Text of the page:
I am lucky to have a very good manager in my wife, who manages the house, along with nephews and nieces, in-laws, aunties or at least 20 people who live with us. They would later holiday and find jobs or  spouses  in Brunei.

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We still live in a two-storey rented house in Paco, Manila, which is accessible to the universities our children graduated from, and is walking distance to the public school where my wife teaches journalism, and rolls out the annual school paper.

The Filipino Association in Brunei, which is older than the Philippine Embassy here, is active, especially during Christmas. It brings joy to homesick Filipinos. The Church of Our Lady of the Assumption in Bandar Seri Begawan is full of kababayan hearing the first Mass at 7 a.m.  or  exchanging tsismis (gossip) in the courtyard. Vendors sell kakanin, pan de sal, daing, dilis, tuyo, walis tambo, bangus and other Pinoy favorites a few steps away from the main gate on Sunday mornings.

The Philippine Embassy’s Filipino language and cultural enrichment program introduces OFW parents  and  children born and raised in Brunei  to new friends, while learning about Filipino heroes, myths and legends, and the latest craze in Manila.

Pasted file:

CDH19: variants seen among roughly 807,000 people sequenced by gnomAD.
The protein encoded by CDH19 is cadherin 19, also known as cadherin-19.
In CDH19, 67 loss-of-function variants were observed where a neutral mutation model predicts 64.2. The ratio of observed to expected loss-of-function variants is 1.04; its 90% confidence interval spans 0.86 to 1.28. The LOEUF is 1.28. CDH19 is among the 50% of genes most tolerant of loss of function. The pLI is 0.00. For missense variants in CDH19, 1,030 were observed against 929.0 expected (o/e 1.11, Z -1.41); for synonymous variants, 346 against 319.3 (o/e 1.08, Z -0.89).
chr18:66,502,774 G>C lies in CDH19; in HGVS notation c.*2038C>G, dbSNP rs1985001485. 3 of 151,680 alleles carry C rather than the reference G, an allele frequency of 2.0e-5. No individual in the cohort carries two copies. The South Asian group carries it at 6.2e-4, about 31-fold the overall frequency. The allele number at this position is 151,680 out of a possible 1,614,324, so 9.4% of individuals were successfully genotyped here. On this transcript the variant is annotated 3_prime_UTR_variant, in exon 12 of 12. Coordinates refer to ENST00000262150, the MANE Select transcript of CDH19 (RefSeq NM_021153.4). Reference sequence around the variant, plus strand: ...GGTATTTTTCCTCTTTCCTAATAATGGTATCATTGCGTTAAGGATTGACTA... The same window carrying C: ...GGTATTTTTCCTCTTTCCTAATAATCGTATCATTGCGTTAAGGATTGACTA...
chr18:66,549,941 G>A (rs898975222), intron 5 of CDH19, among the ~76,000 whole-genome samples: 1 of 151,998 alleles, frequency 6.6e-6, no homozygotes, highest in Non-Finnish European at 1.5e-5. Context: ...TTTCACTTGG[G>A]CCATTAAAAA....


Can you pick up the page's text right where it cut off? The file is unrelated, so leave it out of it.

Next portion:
I have become the embassy’s media partner, volunteer teacher and lecturer.

I have also watched the Borneo Bulletin rise from a small weekly newspaper to a modern daily newspaper in Brunei.  When we first arrived, the editorial office of the Borneo Bulletin was a small two-storey building  with a view of the river and ventilated by electric fans.  The editor, Sri Lankan journalist Rex deSilva, had told us he had been given a month  to transform the smally weekly into a daily by September 1990.  In 1996, the paper moved to the capital Bandar Seri Begawan. I have watched it grow into a modern media corporation.  Last year, the Borneo Bulletin celebrated its 60th anniversary with its electronic edition available online.

Looking back, my overseas job educated our children, gave us freedom to travel and allowed us to help others. A number of my relatives are now also in Brunei. We all enjoy a more comfortable life than that of our late parents.

However, our long distance relationship—24 years  and counting in a 35-year-old marriage—exacted bloody sacrifices. I have to admit that my wife had the more difficult role.  Yet tears, headaches and heartaches along the way have made us stronger and wiser, and closer as a couple.

Young Filipinos going abroad  today have all the conveniences absent in our time: cheaper fares, better opportunities, a support network of families, friends and contacts; instant and free communications, and a broader perspective.

I tell them: In another country, bloom where you are planted. Love your work, share your time and talent in your workplace and community, and thrive. Immerse in the local culture, learn the local language. Lead by being a good example. And don’t forget that balikbayan box of mementos to send home with the monthly remittances.

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TAGS: Brunei, journalism, OFW, overseas Filipino worker